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Happy Campers

Parents and kids have a wide range of enriching summer camp options.


Summer day camps for kids now offer more than the making of peanut butter bird feeders and macaroni necklaces. In fact, if kids knew what was out there, they would be begging to go and parents would not have to worry about hearing the dreaded "I'm bored" all summer.

To help you plot your route to worry-free sanity this summer, we checked out a few day camps, comparing prices and what they have to offer.

Specialty camps, where kids concentrate on one activity for their entire stay, are popular. There are also camps that offer a variety of activities. And some camps mingle education with fun. But don't tell the kids.

We found reasonably priced specialty day camps at various locations in Ventura through the city of Ventura Community Services.

Its Summer Recreation Enrichment is open to everyone from Monday through Friday from 7 a.m. to 6 p.m. for $95 a week and from 7 a.m. to 12:30 p.m. for $50 a week.

Kids ages 6 to 14 can focus on a variety of activities, including arts and crafts, tennis, creative arts, science, basketball, volleyball, gymnastics and soccer. Camp field trips include skating, Magic Mountain, the beach and the county fair.

Camps run from June 19 to Aug. 25, administrative clerk Diane Goins-Hall said.

Since 1943, Ojai Valley School in Ojai has been offering its Summer Fun and Study program in which children ages 3 to 18 take summer classes combined with fun activities during two-, four- and six-week programs.

Preschool to second-grade children attend from 8:15 to 4 p.m. Monday through Friday for two weeks at $690, four weeks at $1,370 or six weeks at $1,870.

Third- through 12th-graders have the option of day or overnight camps. The older day campers pay $980 for two weeks, $1,960 for four weeks or $2,670 for six weeks.

The boarders pay $1,780 for two weeks, $3,560 for four weeks or $4,850 for six weeks.


In the morning, the campers will study subjects that prepare them for their upcoming grade. A class on study tips, test taking and organization is a popular one for the summer, said director of admissions John Williamson.

In the afternoon, there is swimming, competitive horseback riding, arts and crafts, archery, video production and other fun activities, he said.

At Carden School of Camarillo, kids 3 to 12 will be kept entertained at day camp with activities that include arts, crafts, reading incentive programs, games, journal writing, computers, drama and field trips.

They meet Monday through Friday from 9 a.m. to 4 p.m., with an extended-day option that costs extra. The day camp is $25 a day with an added charge for some activities, including swimming, dance classes, bowling or ice skating, assistant director Kellie Plunkett said.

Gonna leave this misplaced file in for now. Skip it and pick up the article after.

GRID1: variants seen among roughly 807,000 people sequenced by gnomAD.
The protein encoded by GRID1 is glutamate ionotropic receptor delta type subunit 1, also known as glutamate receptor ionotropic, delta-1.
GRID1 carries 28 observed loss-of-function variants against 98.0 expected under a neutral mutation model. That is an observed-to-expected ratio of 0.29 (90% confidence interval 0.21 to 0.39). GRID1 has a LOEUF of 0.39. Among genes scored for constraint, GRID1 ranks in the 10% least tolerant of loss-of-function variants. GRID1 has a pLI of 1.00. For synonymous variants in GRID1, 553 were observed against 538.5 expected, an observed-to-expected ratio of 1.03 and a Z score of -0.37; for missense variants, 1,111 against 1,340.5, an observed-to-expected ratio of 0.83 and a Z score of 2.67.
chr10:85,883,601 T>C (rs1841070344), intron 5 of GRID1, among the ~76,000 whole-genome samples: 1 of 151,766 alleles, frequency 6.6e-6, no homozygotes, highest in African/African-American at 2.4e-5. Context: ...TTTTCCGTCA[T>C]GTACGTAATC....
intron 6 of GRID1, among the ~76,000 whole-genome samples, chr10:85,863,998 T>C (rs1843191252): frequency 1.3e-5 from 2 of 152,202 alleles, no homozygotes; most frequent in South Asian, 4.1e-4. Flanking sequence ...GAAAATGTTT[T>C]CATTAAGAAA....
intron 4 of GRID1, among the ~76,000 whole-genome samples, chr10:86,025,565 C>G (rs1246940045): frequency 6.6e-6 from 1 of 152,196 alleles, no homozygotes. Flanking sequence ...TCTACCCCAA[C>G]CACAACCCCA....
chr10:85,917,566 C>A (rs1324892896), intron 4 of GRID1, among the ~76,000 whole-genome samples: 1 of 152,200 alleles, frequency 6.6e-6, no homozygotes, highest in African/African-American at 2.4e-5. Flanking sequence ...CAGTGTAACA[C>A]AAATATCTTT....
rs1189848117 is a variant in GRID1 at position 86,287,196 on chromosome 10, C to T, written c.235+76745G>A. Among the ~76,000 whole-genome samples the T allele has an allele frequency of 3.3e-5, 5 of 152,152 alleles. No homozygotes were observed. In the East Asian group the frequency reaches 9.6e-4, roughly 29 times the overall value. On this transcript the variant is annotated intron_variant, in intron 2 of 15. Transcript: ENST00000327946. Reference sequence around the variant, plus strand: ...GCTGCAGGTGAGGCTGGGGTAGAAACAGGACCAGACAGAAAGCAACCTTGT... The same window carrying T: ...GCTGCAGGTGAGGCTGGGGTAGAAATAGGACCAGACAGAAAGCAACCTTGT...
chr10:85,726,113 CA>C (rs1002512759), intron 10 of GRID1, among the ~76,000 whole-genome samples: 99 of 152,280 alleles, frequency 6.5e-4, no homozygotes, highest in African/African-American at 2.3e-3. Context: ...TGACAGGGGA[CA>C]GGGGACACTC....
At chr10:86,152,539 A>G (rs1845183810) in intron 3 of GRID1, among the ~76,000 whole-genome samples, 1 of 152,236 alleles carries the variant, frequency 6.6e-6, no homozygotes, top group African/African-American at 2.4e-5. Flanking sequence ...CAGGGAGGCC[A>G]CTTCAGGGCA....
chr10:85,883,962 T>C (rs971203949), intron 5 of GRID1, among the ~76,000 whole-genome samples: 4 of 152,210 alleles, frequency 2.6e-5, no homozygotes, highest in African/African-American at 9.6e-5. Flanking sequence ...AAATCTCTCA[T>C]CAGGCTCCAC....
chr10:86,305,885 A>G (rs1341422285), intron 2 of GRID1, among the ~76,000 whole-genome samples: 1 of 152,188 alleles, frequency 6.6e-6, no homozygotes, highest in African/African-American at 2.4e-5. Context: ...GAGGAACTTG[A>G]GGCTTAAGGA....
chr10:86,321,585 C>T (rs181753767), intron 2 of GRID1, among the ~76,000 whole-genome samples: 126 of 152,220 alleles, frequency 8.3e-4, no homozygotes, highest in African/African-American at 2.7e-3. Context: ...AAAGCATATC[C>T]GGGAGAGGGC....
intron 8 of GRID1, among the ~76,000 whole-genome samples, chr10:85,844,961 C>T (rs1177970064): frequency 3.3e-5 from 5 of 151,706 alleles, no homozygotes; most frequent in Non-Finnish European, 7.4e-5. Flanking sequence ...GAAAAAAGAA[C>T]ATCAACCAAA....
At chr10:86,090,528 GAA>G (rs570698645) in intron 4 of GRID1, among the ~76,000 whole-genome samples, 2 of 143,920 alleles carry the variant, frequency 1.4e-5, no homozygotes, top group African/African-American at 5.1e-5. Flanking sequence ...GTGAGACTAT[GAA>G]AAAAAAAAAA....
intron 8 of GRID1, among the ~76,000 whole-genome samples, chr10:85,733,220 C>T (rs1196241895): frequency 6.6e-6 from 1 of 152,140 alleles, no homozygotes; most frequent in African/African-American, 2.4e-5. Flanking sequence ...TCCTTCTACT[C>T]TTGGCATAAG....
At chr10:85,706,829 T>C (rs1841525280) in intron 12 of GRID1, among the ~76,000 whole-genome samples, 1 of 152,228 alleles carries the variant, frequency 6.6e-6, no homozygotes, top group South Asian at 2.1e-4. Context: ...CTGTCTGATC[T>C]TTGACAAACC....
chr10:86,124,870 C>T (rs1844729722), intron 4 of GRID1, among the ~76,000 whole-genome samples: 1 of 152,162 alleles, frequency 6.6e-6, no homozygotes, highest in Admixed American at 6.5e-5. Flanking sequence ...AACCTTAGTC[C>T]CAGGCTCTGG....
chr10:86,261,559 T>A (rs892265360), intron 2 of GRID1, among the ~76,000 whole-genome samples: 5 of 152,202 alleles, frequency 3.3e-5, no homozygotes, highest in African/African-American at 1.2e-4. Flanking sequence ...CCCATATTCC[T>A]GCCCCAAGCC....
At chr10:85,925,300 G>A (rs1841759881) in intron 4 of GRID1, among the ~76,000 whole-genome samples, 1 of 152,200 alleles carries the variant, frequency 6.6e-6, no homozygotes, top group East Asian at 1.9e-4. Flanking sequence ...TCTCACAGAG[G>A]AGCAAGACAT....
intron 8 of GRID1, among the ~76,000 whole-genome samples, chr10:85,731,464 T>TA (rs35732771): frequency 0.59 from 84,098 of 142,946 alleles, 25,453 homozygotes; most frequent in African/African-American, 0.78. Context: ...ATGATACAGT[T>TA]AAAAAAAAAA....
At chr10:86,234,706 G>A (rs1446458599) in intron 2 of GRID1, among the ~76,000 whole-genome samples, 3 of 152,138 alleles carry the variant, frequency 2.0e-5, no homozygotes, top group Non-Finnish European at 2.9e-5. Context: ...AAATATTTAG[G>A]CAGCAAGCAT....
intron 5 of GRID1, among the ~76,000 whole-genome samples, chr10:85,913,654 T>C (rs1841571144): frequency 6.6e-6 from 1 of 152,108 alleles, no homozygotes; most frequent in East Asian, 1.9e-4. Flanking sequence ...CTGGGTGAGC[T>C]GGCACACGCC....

Every Thursday, there will be a field trip with outings that include visits to museums or amusement parks, hiking or train rides, she said.

At the Conejo Valley YMCA, specialty camps will include basketball, soccer, mountain biking, science, nature, art and equestrian activities, said camp director Chris Catalano.

Specialty camps cost $120 a week.

The Y will also have a general day camp with days full of activities that include sports, games, arts, crafts, swimming, hiking and field trips to places where kids can skate or play miniature golf or laser tag.

Regular day camp will cost $115 a week.

The YMCA camp is open from 6:30 a.m. to 6 p.m. Monday through Friday for kids from first to eighth grades.

Travel camps are also offered this summer for $120 a week, in which junior high and high school students can take camping trips to places like Zion National Park in Utah, Mammoth or Big Bear, Catalano said.

At Phoenix Ranch Summer Day Camp in Simi Valley, four acres are divided into different areas where kids can enjoy archery, crafts, rope climbing, go-carts, dance, drama, computers, games, swimming and other activities under the supervision of trained counselors and certified instructors, said owner Frances Alascano.

The day camp is open for kids ages 5 to 13 from 9 a.m. to 3:30 p.m. Monday through Friday, with extended care options available for an added fee. Camp costs $31 a day with a minimum of two days a week.

Among the suggestions offered by camp operators around the county:

* Parents should ask if the camp is accredited by the American Camping Assn., Alascano said. If it is, the camp has to follow 179 standards that include counselor training and risk management, she said.

* Trained counselors who know CPR and first aid are a must, Plunkett said.

* Ask about the child-counselor ratio, Catalano said. The places we contacted had rations of eight students per counselor or 10 students per counselor.

* Make sure they are transporting the children safely and the field trips and activities are age appropriate, Alascano said. If the junior high kids are doing the same thing as the preschoolers, there probably is a problem.

And finally, don't be afraid to drop in--after all, it's your child and your money.

Nancy Needham writes a weekly consumer column and can be reached at

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